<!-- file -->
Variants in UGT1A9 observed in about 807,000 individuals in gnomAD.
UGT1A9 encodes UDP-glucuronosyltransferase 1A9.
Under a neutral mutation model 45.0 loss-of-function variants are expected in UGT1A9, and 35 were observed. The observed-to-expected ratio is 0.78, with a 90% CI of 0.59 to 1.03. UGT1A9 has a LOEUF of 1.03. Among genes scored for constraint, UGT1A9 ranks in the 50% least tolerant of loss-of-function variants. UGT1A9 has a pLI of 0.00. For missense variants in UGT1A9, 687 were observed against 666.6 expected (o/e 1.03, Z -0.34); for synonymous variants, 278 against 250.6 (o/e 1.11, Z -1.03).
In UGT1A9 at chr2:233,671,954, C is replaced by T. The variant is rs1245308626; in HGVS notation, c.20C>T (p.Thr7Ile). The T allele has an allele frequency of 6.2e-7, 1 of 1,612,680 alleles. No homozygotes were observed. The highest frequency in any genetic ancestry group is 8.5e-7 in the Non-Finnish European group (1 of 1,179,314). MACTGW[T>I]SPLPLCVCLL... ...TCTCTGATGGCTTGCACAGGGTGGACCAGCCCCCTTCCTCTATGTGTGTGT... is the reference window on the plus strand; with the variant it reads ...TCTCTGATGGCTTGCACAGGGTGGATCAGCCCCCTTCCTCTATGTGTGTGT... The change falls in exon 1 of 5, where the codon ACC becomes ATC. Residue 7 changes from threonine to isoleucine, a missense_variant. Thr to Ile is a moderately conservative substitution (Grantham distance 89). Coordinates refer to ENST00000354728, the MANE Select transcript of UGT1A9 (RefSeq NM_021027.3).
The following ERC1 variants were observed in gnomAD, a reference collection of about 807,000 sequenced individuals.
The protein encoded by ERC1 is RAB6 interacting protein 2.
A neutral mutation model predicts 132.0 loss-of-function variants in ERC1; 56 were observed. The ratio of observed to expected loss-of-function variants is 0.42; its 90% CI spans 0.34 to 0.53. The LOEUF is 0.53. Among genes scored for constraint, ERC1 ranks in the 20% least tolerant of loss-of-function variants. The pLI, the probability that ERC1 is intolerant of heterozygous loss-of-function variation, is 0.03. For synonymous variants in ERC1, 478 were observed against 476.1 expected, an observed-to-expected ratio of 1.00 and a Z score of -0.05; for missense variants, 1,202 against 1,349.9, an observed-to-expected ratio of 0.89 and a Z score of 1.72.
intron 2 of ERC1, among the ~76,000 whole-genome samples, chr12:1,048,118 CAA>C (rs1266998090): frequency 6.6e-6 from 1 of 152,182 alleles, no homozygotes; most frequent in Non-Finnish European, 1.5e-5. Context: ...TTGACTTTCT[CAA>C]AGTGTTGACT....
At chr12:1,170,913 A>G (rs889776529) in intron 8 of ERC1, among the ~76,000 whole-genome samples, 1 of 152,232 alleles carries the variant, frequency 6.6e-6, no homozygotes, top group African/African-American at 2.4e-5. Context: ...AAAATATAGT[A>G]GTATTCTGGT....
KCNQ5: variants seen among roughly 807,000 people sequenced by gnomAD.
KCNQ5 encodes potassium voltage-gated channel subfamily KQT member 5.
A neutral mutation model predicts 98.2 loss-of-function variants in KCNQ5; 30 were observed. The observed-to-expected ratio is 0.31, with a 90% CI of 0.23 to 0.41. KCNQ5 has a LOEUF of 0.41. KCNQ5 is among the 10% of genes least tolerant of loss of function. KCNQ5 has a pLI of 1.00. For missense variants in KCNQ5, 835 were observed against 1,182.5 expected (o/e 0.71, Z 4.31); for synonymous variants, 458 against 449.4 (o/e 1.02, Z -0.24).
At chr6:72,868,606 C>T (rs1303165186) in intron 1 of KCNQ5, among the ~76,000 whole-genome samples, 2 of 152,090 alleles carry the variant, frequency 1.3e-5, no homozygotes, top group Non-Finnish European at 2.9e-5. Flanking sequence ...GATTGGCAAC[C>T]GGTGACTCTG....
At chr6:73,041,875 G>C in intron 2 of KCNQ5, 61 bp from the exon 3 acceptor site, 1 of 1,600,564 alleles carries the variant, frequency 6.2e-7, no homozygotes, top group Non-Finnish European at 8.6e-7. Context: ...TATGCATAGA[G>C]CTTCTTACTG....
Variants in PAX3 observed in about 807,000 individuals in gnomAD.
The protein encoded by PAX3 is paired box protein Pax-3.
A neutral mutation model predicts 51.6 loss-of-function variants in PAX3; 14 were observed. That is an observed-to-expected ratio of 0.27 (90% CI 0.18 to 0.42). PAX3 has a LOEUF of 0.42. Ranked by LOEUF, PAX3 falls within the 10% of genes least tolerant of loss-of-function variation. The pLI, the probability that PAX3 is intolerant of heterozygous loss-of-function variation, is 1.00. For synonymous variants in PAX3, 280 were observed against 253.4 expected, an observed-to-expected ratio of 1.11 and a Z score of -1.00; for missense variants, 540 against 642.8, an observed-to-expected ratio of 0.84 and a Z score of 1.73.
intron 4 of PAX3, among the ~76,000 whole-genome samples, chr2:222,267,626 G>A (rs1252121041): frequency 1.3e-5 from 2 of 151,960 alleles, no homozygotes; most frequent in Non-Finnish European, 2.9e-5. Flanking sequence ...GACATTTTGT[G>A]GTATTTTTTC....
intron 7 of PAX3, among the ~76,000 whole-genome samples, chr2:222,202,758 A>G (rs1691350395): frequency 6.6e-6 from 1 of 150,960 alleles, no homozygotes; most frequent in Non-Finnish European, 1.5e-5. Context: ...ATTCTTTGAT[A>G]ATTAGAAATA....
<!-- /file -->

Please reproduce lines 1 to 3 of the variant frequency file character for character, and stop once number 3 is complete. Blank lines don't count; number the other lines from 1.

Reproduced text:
Variants in UGT1A9 observed in about 807,000 individuals in gnomAD.
UGT1A9 encodes UDP-glucuronosyltransferase 1A9.
Under a neutral mutation model 45.0 loss-of-function variants are expected in UGT1A9, and 35 were observed. The observed-to-expected ratio is 0.78, with a 90% CI of 0.59 to 1.03. UGT1A9 has a LOEUF of 1.03. Among genes scored for constraint, UGT1A9 ranks in the 50% least tolerant of loss-of-function variants. UGT1A9 has a pLI of 0.00. For missense variants in UGT1A9, 687 were observed against 666.6 expected (o/e 1.03, Z -0.34); for synonymous variants, 278 against 250.6 (o/e 1.11, Z -1.03).